Speak Week: Covid-19 Report
We know that lockdown has had a profound effect on everyone’s lives, and the rapid switch to online teaching posed big challenges to both staff and students. At SRUCSA, we have been in regular contact with students throughout lockdown, particularly the Class Rep network. When the Academic Leadership Team approached us to generate some evidence of the effect on the student experience Speak Week: COVID-19 Edition was born.
We carried out an online survey of students to investigate their experiences of learning in lockdown. We used a platform called Mentimeter to create a survey with a clean, attractive look. 273 students participated, which represents a higher level of engagement than any previous online survey we’ve carried out, and is on a par with our in-person Speak Week events. The survey asked three questions:
- Q1.What have you missed during lockdown?
- Q2.What has positively influenced your learning during this time?
- Q3.If you were in charge of your course, what would you have changed?
The functionality of Mentimeter allowed us to produce a word cloud from Q1 immediately, which we shared with students through Teams groups and the student newsletter. It was a quick way to help us close the feedback loop before finishing up analysis, and made the usual ‘thank you for participating’ message more visually impactful.
The responses to questions 2 and 3 were then coded and analysed. The main findings for Q2 were that staff (26.9%) and online learning (19.2%) had a positive influence for the highest number of respondents. There were a large number of comments praising staff for their flexibility and support. Students appreciated the fact that they were able to continue their studies from home, and the range of digital tools made available to them to do so.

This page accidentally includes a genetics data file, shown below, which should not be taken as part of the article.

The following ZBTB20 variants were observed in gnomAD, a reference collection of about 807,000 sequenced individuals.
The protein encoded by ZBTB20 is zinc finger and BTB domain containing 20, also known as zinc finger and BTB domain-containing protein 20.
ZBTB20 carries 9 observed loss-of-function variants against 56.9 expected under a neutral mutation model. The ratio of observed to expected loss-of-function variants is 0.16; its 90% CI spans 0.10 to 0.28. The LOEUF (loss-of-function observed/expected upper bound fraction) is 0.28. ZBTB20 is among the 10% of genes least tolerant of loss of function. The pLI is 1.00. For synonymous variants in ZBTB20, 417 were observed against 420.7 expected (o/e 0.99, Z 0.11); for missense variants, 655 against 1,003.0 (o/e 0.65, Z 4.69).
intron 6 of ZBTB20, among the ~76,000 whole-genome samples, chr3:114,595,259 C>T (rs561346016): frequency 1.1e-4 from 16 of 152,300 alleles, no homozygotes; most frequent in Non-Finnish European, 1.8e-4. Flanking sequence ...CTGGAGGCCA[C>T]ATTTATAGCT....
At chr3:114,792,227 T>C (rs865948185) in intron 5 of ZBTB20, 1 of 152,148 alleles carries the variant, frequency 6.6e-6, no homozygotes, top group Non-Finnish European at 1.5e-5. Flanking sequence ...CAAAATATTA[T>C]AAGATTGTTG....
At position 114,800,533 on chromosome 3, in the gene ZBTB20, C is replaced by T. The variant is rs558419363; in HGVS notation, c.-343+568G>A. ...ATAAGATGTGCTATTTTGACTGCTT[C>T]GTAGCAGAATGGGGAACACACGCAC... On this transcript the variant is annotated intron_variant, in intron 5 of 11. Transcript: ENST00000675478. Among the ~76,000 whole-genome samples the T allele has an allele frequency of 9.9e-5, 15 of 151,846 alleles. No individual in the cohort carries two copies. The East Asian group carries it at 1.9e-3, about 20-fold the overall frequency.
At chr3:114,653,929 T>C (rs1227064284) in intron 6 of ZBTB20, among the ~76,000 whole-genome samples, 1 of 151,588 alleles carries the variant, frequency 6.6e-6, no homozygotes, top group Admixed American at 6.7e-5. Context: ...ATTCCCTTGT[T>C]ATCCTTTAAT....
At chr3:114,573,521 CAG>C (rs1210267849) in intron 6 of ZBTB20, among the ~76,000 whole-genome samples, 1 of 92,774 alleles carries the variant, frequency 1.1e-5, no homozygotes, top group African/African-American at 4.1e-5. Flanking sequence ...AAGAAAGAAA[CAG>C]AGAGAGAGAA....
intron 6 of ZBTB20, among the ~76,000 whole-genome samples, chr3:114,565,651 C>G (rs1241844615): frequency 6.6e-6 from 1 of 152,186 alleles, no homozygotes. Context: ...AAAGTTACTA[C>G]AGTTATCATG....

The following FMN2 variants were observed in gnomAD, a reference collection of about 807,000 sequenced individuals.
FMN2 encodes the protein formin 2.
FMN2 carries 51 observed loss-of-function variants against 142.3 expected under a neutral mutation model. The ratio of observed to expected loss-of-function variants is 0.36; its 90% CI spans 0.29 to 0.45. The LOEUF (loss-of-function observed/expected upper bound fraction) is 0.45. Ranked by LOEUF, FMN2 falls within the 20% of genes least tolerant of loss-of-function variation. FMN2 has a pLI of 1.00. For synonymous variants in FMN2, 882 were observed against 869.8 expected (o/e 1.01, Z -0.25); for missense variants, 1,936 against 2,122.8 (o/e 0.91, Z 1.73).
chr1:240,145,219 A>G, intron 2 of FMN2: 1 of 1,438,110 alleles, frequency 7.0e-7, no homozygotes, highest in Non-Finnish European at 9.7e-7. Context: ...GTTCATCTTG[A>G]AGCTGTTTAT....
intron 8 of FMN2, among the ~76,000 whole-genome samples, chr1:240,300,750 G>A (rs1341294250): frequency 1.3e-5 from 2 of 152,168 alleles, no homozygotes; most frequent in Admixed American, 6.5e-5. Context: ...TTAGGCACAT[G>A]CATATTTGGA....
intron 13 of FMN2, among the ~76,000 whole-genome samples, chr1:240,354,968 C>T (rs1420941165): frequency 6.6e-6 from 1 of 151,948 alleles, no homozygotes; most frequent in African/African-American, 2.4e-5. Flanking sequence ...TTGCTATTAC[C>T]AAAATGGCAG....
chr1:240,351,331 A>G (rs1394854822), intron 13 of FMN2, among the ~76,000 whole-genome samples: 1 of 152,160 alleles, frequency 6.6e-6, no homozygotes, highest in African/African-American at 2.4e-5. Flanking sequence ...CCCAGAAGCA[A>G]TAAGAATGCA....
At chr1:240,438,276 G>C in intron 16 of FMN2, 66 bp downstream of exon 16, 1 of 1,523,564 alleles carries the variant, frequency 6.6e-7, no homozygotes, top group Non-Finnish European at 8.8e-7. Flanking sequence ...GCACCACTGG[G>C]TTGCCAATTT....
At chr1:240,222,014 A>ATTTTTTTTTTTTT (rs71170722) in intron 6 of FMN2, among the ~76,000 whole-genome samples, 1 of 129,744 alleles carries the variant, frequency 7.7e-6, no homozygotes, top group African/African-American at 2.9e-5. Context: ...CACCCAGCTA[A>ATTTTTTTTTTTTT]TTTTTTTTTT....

However, 12.1% of responses to this question stated that there were no positive influences on their learning. Some of these comments attested to the innate difficulties faced by students during this time, such as stress, difficulty studying from home (environment, family commitments and the like), and lack of motivation. Some simply stated ‘nothing’; but when cross-referenced with responses to Q3, most of these respondents would have changed either communications or assessment requirements.
Changes students want to see
The main findings for Q3 were that respondents would have changed aspects of online learning (21.5% coverage). Largely, these comments indicated a lack of consistency in the use of online platforms (Big Blue Button, Moodle, and MS Teams). Students also called for more interactive content and a better mix of content types.
Adjustments to requirements such as coursework and exams was an important area for students, with 17.9% saying they would change something in this area. The comments largely reflected the desire for extended deadlines, reduced workloads, and changes to assessment formats. Importantly, a number of comments within this theme also indicated that some students did not fully understand the changes to assessment requirements, particularly exam alternatives. This also links into the next most important finding, communication.